Once you have your desired 3-step ritual set, now think about what kind of structure you can build that will guide your user through these steps. This structure should create an interior that blocks some of the sound, light, and traffic of the city, and that brings the user into a different kind of space. Ideally, you will give your user a sense of being alone even though she is on a busy city street.
For our structure, we hacked a gazebo. We took a traditional roofed gazebo/pergola, with its four posts, roof, and bars in order to use it as a base that could support our rituals.
To make it more of an interior space, hang shower curtains, sheets, or other light fabric from the posts of the structure. Attach them to the structure using shower curtain hooks. Leave an entrance the size of a person's width open, so that the user will know where to enter.
We also chose to leave another panel open -- where our ritual wishes hung on long strings. As users add more wishes to the strings, this panel will also be closed off from the street.
Step 5: Fabricate: Construct Your Rituals
With the structure constructed, now craft the props and stage for the ritual experience. Create the atmosphere that will make your user feel relaxed, open-minded, and recharged.
Plants are useful to create a light and welcoming atmosphere. We made a string garden and a green wall on two different walls of our interior.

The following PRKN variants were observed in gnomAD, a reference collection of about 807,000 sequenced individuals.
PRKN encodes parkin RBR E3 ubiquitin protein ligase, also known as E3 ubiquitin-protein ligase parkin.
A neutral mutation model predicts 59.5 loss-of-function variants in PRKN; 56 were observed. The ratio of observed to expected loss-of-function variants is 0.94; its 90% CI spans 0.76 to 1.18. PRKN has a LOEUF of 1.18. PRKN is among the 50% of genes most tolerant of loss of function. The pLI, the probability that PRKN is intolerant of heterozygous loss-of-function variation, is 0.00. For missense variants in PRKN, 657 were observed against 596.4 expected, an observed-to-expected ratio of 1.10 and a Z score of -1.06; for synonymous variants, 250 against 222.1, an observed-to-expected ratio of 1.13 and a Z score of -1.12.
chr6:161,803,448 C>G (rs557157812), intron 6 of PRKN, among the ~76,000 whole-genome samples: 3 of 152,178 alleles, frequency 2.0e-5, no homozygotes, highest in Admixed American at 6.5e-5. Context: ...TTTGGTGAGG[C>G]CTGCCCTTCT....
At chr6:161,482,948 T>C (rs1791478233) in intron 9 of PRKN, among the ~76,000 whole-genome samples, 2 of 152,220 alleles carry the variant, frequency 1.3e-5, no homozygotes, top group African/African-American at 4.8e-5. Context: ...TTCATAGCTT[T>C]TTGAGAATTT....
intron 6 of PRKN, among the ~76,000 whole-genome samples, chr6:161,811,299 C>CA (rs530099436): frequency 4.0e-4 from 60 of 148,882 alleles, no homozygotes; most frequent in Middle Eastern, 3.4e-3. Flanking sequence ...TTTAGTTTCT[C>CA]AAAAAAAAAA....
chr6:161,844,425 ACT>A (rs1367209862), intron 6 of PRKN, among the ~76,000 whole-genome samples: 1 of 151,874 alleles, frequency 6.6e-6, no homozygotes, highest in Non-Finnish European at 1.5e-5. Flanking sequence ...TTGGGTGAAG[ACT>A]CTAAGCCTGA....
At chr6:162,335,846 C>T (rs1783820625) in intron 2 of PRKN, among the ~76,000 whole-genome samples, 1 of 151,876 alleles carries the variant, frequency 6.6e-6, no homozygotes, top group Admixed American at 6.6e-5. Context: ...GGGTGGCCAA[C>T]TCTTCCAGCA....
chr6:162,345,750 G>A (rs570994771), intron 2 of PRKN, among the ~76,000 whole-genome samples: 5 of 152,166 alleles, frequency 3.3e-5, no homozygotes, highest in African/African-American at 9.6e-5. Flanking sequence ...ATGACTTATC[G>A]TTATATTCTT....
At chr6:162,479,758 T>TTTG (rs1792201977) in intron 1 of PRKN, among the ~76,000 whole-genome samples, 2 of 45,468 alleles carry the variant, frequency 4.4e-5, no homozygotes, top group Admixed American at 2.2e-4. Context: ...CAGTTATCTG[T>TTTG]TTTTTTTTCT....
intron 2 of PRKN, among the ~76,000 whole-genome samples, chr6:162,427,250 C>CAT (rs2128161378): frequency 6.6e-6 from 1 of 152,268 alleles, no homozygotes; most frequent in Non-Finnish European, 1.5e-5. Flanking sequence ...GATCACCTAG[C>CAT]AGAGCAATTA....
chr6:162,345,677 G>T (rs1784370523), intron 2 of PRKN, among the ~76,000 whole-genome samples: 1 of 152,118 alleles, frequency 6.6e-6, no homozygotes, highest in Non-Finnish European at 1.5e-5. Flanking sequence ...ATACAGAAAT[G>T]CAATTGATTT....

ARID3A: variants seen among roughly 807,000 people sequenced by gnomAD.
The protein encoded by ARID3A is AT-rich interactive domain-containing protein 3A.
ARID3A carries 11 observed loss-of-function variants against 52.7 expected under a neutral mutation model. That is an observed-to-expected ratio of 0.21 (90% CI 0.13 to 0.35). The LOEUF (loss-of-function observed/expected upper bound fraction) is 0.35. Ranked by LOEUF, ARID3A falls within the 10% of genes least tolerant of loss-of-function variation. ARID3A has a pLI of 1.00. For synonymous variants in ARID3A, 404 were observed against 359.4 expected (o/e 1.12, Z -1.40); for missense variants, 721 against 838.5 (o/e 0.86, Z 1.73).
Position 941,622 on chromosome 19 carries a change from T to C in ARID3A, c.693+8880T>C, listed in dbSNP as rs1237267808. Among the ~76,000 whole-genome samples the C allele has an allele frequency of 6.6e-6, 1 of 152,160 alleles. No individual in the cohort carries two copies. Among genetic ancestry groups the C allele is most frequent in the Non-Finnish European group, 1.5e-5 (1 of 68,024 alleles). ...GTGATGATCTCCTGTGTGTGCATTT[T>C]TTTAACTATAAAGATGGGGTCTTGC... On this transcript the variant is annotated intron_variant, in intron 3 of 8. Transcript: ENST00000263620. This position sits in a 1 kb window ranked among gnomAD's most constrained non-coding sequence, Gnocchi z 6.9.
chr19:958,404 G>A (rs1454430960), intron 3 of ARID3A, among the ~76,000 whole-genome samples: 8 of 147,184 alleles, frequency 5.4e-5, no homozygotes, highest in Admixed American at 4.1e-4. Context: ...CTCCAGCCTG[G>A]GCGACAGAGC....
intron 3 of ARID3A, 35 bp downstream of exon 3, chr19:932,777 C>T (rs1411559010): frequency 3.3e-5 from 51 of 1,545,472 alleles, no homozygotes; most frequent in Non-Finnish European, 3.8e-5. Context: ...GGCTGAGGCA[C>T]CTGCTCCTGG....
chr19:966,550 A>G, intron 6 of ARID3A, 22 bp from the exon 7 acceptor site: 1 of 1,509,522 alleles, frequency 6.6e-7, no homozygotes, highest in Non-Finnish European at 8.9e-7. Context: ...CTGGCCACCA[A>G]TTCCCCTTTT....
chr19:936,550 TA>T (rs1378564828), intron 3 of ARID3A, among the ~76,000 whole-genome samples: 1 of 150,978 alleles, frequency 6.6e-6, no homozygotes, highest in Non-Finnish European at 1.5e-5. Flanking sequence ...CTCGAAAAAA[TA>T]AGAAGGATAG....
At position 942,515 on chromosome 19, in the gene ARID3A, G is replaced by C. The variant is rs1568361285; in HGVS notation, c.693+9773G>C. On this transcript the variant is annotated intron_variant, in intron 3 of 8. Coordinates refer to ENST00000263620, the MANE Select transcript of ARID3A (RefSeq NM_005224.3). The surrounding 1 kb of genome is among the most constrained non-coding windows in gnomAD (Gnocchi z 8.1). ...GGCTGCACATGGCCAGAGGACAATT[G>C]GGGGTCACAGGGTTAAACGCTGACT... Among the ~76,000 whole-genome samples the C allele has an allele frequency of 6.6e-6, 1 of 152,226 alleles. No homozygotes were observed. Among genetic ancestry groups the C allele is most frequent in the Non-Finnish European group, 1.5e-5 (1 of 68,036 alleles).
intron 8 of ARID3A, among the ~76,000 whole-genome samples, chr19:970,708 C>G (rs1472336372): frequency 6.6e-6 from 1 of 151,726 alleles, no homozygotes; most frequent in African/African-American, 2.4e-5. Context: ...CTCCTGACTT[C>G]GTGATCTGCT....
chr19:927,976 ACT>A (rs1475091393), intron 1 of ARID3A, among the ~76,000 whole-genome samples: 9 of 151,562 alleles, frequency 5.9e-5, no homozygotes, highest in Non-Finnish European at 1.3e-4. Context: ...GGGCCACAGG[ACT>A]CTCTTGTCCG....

Our string garden wall was made using small clay ice-cream cone plant pots. We made these pots by taking bake-able clay from a craft shop, rolling them out into large triangles, shaping the triangles into ice cream cones, and then baking them in the oven til they hardened. Then we took small succulents and planted them into the cone pots, and threaded colored floss through the pots to hang them.
Our green wall was made using hanging shoe pocket holders, that are intended to be used to hold shoes in closets or over the back of a door. Take a mid-size plant, lay it out onto a large square of breatheable fabric, and cover it with rich dirt. Then fold the fabric around the roots and dirt, and bind it together using lots of rubber bands. Then put the fabric-wrapped roots into the shoe-pocket. Repeat til the pockets are all full. Alternate long hanging plants and more upright, tall plants, to show different textures.
To make the reflect ritual, fill a large bowl with blank tags. Then take a smaller bowl and fill it with 6" pieces of ribbon and a ball point pen. Finally, take long pieces of twine and tie them from the top of your structure and to a heavy brick that rests on the floor. The user will take a tag, write their wish on it, and then tie it with a piece of ribbon to the twine, until the twine is filled with wishes.